Despite a Late-June Correction

Despite a Late-June Correction, Stocks Rise 8+% in the First Half

by Louis Navellier

July 5, 2017

*All content in this Introduction to Marketmail represents the opinion of Louis Navellier of Navellier & Associates, Inc.*

Most market measures fell in the last week of June, but they were up surprisingly well in the first half of 2017.  For instance, the NASDAQ Composite was down 2% last week but up over 14% year-to-date.  The more volatile NASDAQ 100 was down 2.7% last week, but is still up 16.1% YTD.  The broader blue-chip S&P 500 was up 8.24% (or 9.34%, including dividends) in the first half – a near-20% annual rate.

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Technical analysts do not like the fact that the NASDAQ 100 made a new near-term low last Thursday, but market retests are common.  One key metric is trading volume.  I like to see volume being exhausted on each subsequent retest.  Other retests of this new low are possible, but it is also possible that this was the final capitulation day!  I must stress that when technology stocks correct, the money is not leaving the stock market – it is just being reshuffled to other industry groups, like the embattled energy or financial sectors.  To me, these rotational corrections are the best kind of corrections, so there is no need to panic.

June is historically a weak stock market month, but July is historically the best summer month, by far. According to Bespoke Investment Group’s “July Seasonality” report (published June 28), the Dow Jones Industrials have risen an average 1.44%, 0.79%, and 1.08% in the past 100, 50, and 20 years, respectively.  In the same report, they show that the performance of the S&P 500 tends to surge in mid-July as earnings announcement season heats up.  Earnings help to fuel a lot of market excitement in the second half of July.

In This Issue

All our panelists took a good share of the July 4th weekend calculating market report cards for the first half.  Bryan Perry gives the market an A+, while Gary Alexander gives global markets a similar A grade, but Ivan Martchev examines last week’s counter-trends and currency trends to knock that grade down a bit.  Then, Jason Bodner grades the S&P sectors while I examine corporate buy-backs and dividend data.

Income Mail:
Stock Market Scores “A+” On First Half 2017 Report Card
by Bryan Perry
The “Payout Ratio” is a Market “Tell”

Growth Mail:
Global Markets Score an “A” in First-Half
by Gary Alexander
July Should Continue the Winning Streak

Global Mail:
Counter-trend Quarter-End Games
by Ivan Martchev
How ‘Bout that Euro?

Sector Spotlight:
How Can We “Insure” Against Portfolio Losses?
by Jason Bodner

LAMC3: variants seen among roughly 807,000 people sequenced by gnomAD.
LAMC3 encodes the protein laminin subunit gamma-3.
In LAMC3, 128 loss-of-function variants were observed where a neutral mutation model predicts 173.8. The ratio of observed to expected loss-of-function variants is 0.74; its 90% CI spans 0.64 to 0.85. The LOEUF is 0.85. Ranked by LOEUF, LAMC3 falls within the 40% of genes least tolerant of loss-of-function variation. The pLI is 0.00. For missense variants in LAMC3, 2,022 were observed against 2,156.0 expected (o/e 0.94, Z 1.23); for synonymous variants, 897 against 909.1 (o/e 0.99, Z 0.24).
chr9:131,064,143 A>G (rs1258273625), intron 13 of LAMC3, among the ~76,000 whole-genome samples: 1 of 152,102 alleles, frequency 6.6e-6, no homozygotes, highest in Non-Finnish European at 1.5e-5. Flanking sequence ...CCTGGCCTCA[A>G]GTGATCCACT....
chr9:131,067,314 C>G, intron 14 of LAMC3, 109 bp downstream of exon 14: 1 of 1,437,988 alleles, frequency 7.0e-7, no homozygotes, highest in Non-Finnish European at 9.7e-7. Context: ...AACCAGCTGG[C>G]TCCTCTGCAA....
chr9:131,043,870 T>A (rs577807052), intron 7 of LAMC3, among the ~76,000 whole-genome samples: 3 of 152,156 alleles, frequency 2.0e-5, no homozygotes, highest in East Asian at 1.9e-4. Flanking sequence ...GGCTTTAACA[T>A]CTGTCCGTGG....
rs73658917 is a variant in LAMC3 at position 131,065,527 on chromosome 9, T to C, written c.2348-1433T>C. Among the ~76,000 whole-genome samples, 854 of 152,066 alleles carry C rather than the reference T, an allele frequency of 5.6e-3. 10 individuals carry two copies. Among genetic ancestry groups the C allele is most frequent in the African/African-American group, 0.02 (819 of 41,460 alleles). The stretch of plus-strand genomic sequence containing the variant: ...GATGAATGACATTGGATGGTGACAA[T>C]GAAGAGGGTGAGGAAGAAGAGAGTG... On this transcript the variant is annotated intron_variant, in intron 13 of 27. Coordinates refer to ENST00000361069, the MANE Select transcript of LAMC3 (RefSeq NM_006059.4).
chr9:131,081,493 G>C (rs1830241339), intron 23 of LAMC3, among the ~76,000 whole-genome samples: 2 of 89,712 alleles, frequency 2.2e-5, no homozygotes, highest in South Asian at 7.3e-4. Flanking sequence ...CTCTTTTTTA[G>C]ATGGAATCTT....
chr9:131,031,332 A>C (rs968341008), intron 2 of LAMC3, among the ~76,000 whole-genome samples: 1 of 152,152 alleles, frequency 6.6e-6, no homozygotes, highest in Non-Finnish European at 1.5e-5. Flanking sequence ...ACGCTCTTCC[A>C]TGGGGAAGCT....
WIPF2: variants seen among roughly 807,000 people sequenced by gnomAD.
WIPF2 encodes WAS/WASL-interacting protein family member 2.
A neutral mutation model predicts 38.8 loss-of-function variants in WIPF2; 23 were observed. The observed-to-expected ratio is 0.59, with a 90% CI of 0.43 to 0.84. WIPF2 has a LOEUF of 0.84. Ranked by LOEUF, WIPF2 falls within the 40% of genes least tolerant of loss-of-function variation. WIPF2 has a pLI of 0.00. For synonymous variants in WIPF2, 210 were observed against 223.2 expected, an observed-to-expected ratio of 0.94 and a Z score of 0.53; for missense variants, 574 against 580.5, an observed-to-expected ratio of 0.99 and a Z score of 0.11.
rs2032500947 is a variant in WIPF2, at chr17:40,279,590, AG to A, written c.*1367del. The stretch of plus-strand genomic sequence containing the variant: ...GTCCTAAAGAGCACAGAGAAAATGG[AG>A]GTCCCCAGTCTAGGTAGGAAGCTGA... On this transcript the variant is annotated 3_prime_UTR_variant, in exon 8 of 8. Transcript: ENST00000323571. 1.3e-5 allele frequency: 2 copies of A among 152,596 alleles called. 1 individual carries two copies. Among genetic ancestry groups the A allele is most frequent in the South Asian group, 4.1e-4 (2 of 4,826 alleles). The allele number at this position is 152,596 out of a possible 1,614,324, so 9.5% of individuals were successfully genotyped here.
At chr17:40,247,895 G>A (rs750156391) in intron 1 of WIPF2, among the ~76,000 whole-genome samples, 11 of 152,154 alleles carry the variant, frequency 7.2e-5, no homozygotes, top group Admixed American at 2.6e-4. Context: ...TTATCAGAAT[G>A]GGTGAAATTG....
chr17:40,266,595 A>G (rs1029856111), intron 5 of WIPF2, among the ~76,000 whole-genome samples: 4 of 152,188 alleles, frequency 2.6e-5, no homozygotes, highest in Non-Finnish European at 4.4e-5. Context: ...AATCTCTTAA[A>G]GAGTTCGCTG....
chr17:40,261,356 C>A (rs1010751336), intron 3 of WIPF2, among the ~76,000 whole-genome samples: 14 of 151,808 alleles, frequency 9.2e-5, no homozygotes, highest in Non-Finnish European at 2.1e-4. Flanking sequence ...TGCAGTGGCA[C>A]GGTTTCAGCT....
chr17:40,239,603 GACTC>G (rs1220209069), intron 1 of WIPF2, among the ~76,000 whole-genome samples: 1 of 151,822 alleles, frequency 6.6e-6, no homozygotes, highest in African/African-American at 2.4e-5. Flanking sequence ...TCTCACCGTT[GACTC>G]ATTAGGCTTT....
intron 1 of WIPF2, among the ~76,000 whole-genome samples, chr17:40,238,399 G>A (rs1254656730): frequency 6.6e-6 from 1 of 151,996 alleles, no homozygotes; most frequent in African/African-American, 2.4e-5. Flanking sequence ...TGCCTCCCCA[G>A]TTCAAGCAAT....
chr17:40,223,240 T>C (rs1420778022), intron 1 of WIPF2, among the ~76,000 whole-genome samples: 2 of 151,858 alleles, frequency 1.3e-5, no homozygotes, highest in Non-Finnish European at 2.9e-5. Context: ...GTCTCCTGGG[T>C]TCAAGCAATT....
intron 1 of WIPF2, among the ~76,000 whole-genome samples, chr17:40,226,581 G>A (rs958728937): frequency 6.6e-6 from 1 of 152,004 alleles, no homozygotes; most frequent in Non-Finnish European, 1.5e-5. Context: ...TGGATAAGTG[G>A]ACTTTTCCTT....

The Winners and Losers Last Week, Last Quarter, and in the First Half of 2017

A Look Ahead:
Corporate America is Still “Shareholder Friendly”
by Louis Navellier
The Dollar’s Decline Also Helps Multinational Stocks

Income Mail:

*All content of "Income Mail" represents the opinion of Bryan Perry*

Stock Market Scores “A+” On First Half 2017 Report Card

by Bryan Perry

The S&P 500 closed the second quarter of 2017 on a mixed note with some fierce sector rotation bringing about a dose of volatility that rattled investors’ nerves. But as of June 30, the S&P 500 is up +9.34% year-to-date (dividends included). Growth stocks were the primary target of sellers in last week’s correction in technology stocks. But I found it interesting that of those high-profile tech stocks that have already reported Q2 earnings, the results have come in above forecast, coupled with strong forward guidance.

While there is clearly some short-term rotation, most notably into financials, it’s my view that the tech sector should firm up as more technology stocks announce better-than-expected sales and earnings in the weeks ahead. Sparking last week’s tech sell-off was news that the European Union (EU) announced that it imposed a $2.7 billion fine on Google. This triggered algorithmic trading and high-frequency trading (HFT) sell programs, which account for about 70% of total trading volume in the U.S. equity markets. (Please note: Bryan Perry does not currently hold a position in Google. Navellier & Associates does currently own a position in Google for any client portfolios).

These rotational corrections are actually quite constructive, since the money coming out of technology is going into other industry groups, with the biotech, financial, and industrial sectors benefitting the most.

Aside from rapid-fire trading among the hot potatoes in the growth stock sectors, the underpinnings of the bullish trend for dividend-paying stocks remain strong and actually improved last quarter. Record stock buy-backs fueled by record amounts of super-cheap debt are now supported by rising organic earnings.

While the S&P 500 dividend yield is currently 1.91%, it is only about 30 basis points below that of the yield for the 10-yr Treasury and therefore supports a continuation of the bullish bias for the current rally.

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Graphs are for illustrative and discussion purposes only. Please read important disclosures at the end of this commentary.